Trail running is often a reprieve from more than just the hard-impact roads and tracks that I occasionally run–it’s also a respite from noise, traffic and congestion, and a welcome back into nature, soft trails, technical terrain, and peace. Even if you don’t run, walking along trails can often be a far more serene experience than walking on sidewalks or along the road. Don’t believe me? Here are 7 reasons why you need to get off the concrete and back onto trails.
1. Trails Reduce Impact
Running on roads can be detrimental to the health of your joints, especially if you tend to land on your heel–a repeat of which can cause injuries like plantar fasciitis, Achilles tendonitis, and Iliotibial Band Syndrome (ITBS). Running on trails significantly reduces this impact since the ground tends to be softer. Think about running on the sand and how different that feels from running hard on concrete. Trails are often comprised of sand, soft dirt, and even grass, all of which are preferable options.
2. Trails Slow You Down
Have you ever tried running on a trail filled with lots of twists and turns? How about a trail that goes uphill or downhill? Running on trails generally means running slower. While it might seem like running slower is a negative, especially for those who want to improve to win races and set new personal records, taking it easy can be better for both your long term healthyou’re your performance. This article, published in Training Peaks, discusses the benefits of including easy runs in your weekly schedule. Trails take the pressure off of going fast, not to mention they help with your gait, as discussed below.
3. Trails Change Your Gait (For The Better)
Did you watch Eliud Kipchoge come close to breaking the 2-hour marathon mark last month? Even towards the end of the race, when he was pushing a pace of 4 minutes 35 seconds for 26.2 miles, he landed under his center of mass, on his forefeet, and with his arms swinging comfortably by his sides and not back and forth in front of him. These are all trademarks of a solid and healthy gait. Most runners have problems when it comes to landing under their center of mass, tending instead to overstride (thereby causing the aforementioned heel striking injuries above.) Technical trails, which are usually defined as trails with rocks, roots, and other unexpected objects, generally force a tighter, quicker turn-around, meaning that overstriding is much less likely to happen. This article provides plenty of proof for why overstriding can be dangerous.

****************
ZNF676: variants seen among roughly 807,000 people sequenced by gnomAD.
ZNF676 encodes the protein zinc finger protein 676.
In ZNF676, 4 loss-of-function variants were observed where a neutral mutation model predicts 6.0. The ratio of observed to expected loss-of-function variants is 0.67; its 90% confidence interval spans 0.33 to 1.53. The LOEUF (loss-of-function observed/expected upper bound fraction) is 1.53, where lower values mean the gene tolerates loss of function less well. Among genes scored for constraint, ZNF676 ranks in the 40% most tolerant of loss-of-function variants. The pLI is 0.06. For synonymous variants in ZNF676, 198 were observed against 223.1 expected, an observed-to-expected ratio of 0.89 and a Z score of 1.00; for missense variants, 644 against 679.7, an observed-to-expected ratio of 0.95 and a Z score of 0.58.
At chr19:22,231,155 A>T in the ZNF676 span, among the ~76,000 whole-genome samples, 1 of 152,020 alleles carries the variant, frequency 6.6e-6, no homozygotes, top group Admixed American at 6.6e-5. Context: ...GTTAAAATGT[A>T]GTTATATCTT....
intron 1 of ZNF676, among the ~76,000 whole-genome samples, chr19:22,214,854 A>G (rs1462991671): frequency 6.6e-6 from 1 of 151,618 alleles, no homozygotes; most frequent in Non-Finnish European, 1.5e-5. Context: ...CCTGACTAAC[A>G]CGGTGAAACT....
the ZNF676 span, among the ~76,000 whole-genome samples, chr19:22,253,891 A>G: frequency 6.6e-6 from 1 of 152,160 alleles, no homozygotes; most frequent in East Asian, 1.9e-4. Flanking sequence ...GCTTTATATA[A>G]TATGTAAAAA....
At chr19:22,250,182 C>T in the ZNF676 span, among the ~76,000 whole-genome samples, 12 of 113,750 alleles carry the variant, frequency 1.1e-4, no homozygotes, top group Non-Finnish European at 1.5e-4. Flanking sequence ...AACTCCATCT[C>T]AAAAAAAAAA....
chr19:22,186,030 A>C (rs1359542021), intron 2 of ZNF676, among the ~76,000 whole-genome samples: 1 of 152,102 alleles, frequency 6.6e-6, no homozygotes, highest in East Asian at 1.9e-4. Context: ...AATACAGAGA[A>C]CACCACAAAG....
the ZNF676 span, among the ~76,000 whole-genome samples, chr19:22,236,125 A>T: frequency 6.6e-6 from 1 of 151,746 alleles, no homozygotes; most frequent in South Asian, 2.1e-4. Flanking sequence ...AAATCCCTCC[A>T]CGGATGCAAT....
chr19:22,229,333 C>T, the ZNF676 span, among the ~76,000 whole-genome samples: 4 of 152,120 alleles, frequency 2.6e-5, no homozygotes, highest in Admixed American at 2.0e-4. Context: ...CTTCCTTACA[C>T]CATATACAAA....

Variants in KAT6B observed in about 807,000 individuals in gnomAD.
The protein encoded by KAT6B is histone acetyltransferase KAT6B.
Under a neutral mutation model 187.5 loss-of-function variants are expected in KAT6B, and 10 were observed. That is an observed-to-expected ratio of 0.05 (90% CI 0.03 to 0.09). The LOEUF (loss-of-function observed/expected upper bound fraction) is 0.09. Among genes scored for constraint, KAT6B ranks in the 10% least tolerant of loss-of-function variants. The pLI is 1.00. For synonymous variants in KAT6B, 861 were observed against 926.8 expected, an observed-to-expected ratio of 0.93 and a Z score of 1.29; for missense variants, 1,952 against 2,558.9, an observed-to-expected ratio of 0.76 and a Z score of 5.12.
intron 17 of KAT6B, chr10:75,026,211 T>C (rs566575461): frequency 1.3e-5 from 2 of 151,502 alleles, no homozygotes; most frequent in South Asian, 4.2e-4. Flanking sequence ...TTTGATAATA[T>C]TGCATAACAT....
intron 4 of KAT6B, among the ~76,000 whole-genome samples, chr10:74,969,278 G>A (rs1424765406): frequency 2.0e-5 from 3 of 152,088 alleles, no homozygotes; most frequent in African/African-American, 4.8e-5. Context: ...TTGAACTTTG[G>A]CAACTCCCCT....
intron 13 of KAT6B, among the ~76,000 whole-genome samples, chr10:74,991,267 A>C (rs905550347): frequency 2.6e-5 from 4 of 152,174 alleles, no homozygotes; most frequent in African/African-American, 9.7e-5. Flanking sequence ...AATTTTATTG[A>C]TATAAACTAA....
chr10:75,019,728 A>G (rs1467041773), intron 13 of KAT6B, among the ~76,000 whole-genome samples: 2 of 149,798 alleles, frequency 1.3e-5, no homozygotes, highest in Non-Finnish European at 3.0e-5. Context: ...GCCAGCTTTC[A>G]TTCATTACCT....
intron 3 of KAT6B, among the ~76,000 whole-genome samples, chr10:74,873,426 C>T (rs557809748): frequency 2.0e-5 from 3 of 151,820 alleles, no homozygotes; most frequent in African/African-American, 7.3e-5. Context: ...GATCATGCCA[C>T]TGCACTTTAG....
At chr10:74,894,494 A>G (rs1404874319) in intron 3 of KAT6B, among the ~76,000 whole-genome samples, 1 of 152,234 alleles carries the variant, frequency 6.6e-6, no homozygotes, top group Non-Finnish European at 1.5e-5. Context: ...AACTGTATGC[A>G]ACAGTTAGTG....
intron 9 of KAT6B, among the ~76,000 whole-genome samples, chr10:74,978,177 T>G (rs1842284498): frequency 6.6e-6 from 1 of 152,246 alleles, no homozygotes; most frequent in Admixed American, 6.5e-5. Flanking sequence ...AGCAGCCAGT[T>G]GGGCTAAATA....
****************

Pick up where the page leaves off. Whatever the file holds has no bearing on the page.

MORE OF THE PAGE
4. Trails Improve Balance And Proprioception
Trails are often pebbled, twisting, uphill, downhill, and every which way but flat and smooth. While this can be more challenging, it also means that you’re working harder with every step–and using your body to its fullest. Jumping over and between rocks, boulders, roots, sticks, and other objects means using your stabilizing muscles (including your core!) to brace. This article breaks down the benefits of running trails to improve your balance and proprioception (the way you’re conscious of your body in relation to the world around you).
5. Trails Work A Wider Range Of Muscles
Running on flat ground feels nicer because you don’t have to work as hard. Try adding a hill into the mix and your glutes are likely going to be on fire. Meanwhile, downhills require extra stabilization, and often result in burning quads by the bottom of the hill.
6. Trails Better The Brain (Thanks To Nature)
A 2015 New York Times article titled “How Walking in Nature Changes the Brain” discussed the benefits of taking a walk in nature. It wasn’t entirely the action of walking, per say, that bolstered the brain, but instead movement in a green, outdoor area. The subjects who were studied showed improvements in their mental health following a walk in nature, whereas those who walked next to a highway or busy road demonstrated no improvements. Trail running versus road running can be looked at much the same way. Whereas road running often means cars, traffic, noise, and pollution, trail running generally means solitude, birdsong, wildlife, and serenity.
7. Trail Running Can Be A Form Of Meditation
The Japanese writer Haruki Murakami wrote a book several years ago called What I Talk About When I Talk About Running. In it, he describes running as a sort of meditation, a way for him to set the tone of each day (and counter all of the sitting he does as he writes.) I, myself, have used running as a form of meditation, and I can tell you from firsthand experience that it’s far easier to get into a meditative state while out on the trails than next to a clogged road. Another New York Times article explained a study that used both meditation and running as a way to combat depression. Not convinced? Next time you head out on a (trail) run, leave the headphones behind and listen to the sounds of nature. Try to pick out as many bird calls as you can, or try to notice how many different types of flowers, bushes, and trees you see. You might be surprised at how good you feel post-run–and we’re not talking about exercise endorphins!